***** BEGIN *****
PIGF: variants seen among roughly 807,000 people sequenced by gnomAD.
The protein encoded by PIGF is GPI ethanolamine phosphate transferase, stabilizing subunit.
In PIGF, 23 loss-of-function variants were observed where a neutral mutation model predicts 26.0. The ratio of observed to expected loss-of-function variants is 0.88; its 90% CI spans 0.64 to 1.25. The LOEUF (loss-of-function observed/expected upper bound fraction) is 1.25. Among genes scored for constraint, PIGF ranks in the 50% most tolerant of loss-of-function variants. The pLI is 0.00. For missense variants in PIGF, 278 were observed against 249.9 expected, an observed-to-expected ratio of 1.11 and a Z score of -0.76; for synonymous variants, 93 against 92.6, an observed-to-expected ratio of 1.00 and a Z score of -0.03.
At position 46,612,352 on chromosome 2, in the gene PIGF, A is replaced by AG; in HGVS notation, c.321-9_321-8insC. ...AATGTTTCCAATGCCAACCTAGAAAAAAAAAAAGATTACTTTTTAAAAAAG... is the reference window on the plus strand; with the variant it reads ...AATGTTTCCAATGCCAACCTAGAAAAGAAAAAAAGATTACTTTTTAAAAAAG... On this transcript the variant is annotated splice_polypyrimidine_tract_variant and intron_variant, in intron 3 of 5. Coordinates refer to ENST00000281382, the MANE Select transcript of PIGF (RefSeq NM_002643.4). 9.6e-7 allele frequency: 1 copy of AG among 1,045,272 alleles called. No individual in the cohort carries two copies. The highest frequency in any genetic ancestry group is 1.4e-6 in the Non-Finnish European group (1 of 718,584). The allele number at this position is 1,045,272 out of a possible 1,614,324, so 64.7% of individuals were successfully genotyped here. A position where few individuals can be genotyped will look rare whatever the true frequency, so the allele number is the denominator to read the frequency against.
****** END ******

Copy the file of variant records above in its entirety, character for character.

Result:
PIGF: variants seen among roughly 807,000 people sequenced by gnomAD.
The protein encoded by PIGF is GPI ethanolamine phosphate transferase, stabilizing subunit.
In PIGF, 23 loss-of-function variants were observed where a neutral mutation model predicts 26.0. The ratio of observed to expected loss-of-function variants is 0.88; its 90% CI spans 0.64 to 1.25. The LOEUF (loss-of-function observed/expected upper bound fraction) is 1.25. Among genes scored for constraint, PIGF ranks in the 50% most tolerant of loss-of-function variants. The pLI is 0.00. For missense variants in PIGF, 278 were observed against 249.9 expected, an observed-to-expected ratio of 1.11 and a Z score of -0.76; for synonymous variants, 93 against 92.6, an observed-to-expected ratio of 1.00 and a Z score of -0.03.
At position 46,612,352 on chromosome 2, in the gene PIGF, A is replaced by AG; in HGVS notation, c.321-9_321-8insC. ...AATGTTTCCAATGCCAACCTAGAAAAAAAAAAAGATTACTTTTTAAAAAAG... is the reference window on the plus strand; with the variant it reads ...AATGTTTCCAATGCCAACCTAGAAAAGAAAAAAAGATTACTTTTTAAAAAAG... On this transcript the variant is annotated splice_polypyrimidine_tract_variant and intron_variant, in intron 3 of 5. Coordinates refer to ENST00000281382, the MANE Select transcript of PIGF (RefSeq NM_002643.4). 9.6e-7 allele frequency: 1 copy of AG among 1,045,272 alleles called. No individual in the cohort carries two copies. The highest frequency in any genetic ancestry group is 1.4e-6 in the Non-Finnish European group (1 of 718,584). The allele number at this position is 1,045,272 out of a possible 1,614,324, so 64.7% of individuals were successfully genotyped here. A position where few individuals can be genotyped will look rare whatever the true frequency, so the allele number is the denominator to read the frequency against.